Nicola Sturgeon told MSPs she'd had never been less interested in party politics than right now:
A young woman who has cystic fibrosis is appealing to all of us to follow social distancing guidelines.
Ashe Spillane who lives near Tralee in County Kerry is making the appeal after it emerged that some people were disregarding social distancing measures to prevent the spread of Covid-19.
Ashe and her brother have CF, while their father has multiple sclerosis; they are currently self-isolating.
The 27-year-old has this message for people who've been ignoring guidelines because they aren't in a high-risk group:
UEFA has confirmed Euro 2020 has been postponed due to the global coronavirus pandemic.
The tournament will now take place across June and July next year.
President Aleksander Ceferin ((pron: cheff-er-in)) says he hopes the decision allows people to focus on more important things.
Boris Johnson's father says he'll still be going down the pub - despite his son, the British prime minister, telling people not to because of Covid-19.
79-year-old Stanley Johnson has told ITV's This Morning that if he "needs" to go for a drink then "of course" he'll drop in.
The HSE has launched a major recruitment drive to help deal with the coronavirus pandemic.
It's urging all healthcare professionals who are not registered with the HSE to be 'on call for Ireland'.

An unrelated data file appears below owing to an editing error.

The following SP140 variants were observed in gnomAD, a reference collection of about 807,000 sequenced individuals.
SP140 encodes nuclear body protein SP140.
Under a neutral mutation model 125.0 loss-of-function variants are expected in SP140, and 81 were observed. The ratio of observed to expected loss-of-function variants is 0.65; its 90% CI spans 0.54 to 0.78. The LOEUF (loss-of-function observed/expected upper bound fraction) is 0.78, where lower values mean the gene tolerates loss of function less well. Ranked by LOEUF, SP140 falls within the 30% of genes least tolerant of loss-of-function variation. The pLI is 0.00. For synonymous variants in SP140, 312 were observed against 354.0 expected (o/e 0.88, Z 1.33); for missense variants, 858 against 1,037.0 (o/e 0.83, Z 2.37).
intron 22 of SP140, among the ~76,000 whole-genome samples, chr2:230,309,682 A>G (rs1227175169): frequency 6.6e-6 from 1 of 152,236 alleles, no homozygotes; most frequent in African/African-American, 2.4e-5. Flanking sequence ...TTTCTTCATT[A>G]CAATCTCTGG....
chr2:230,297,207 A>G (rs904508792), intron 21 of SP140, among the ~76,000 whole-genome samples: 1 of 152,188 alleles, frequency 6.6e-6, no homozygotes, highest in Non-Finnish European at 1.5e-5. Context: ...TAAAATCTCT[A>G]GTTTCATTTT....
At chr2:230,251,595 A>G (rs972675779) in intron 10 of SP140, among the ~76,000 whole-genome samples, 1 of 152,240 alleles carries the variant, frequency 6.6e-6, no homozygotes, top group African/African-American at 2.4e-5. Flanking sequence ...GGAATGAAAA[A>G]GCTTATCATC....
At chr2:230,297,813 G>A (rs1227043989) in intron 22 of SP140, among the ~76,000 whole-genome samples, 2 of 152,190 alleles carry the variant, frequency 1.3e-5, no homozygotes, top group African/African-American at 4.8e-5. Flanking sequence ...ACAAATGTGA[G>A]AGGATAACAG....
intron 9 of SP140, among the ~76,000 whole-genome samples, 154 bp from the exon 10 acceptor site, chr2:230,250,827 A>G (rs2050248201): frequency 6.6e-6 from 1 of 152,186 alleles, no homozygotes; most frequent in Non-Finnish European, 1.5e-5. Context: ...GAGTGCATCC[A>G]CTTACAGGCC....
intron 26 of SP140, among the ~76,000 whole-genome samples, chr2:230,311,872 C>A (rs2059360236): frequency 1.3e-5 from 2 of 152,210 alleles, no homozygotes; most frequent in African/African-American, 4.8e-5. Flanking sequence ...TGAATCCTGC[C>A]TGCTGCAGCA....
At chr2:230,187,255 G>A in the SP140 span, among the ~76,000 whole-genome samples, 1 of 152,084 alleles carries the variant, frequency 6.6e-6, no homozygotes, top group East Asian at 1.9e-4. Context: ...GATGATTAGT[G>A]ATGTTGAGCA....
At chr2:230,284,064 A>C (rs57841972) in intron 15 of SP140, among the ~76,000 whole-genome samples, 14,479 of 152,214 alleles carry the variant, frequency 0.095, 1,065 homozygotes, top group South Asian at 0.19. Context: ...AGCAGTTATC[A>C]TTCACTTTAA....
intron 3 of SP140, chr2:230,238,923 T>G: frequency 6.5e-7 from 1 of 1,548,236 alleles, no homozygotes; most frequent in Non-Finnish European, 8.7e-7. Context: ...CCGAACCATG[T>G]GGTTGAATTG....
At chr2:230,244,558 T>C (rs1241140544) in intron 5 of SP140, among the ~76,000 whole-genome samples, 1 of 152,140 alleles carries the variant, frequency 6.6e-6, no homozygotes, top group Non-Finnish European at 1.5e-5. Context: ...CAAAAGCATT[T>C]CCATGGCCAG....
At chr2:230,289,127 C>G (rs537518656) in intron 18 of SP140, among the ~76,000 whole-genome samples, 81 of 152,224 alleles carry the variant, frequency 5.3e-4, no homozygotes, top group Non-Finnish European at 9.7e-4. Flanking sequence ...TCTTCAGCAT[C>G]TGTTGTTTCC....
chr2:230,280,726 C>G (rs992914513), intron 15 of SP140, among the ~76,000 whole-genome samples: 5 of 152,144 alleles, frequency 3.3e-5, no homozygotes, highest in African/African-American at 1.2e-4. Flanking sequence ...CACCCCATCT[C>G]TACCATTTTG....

Anyone who has retired within the last 5 years will be able to return to work in the health service as it deals with the outbreak.
Health Minister Simon Harris said it needs all hands on deck:
CEO of the HSE Paul Reid says it's not just open to healthcare professionals.
He says they will need people with a variety of skills:
The Minister for Finance says the people of Ireland are the most important part of the fight against coronavirus.
Pascal Donohoe also says we must prepare for a battle that may last months, not just a few weeks.
A recruitment drive is being launched today to bolster staff numbers in the HSE after it confirmed it expects up to 355 daily new cases from Sunday onwards.
Currently there are 223 cases - 54 of them were confirmed last night.
Minister Donohoe says this is now a national fight to beat the virus:
John Legend is going to stream a concert live from his home this evening.
The musician's tweeted to say he'll be performing from 8pm - and that his wife Chrissy Teigen will be with him.
It comes after Coldplay's Chris Martin called for the idea to catch on, after playing a gig from HIS home last night:
The economic impact of coronavirus continues to be felt across Europe including Italy, the worst affected country on the continent.
The Italian economy was already in a non-growth situation.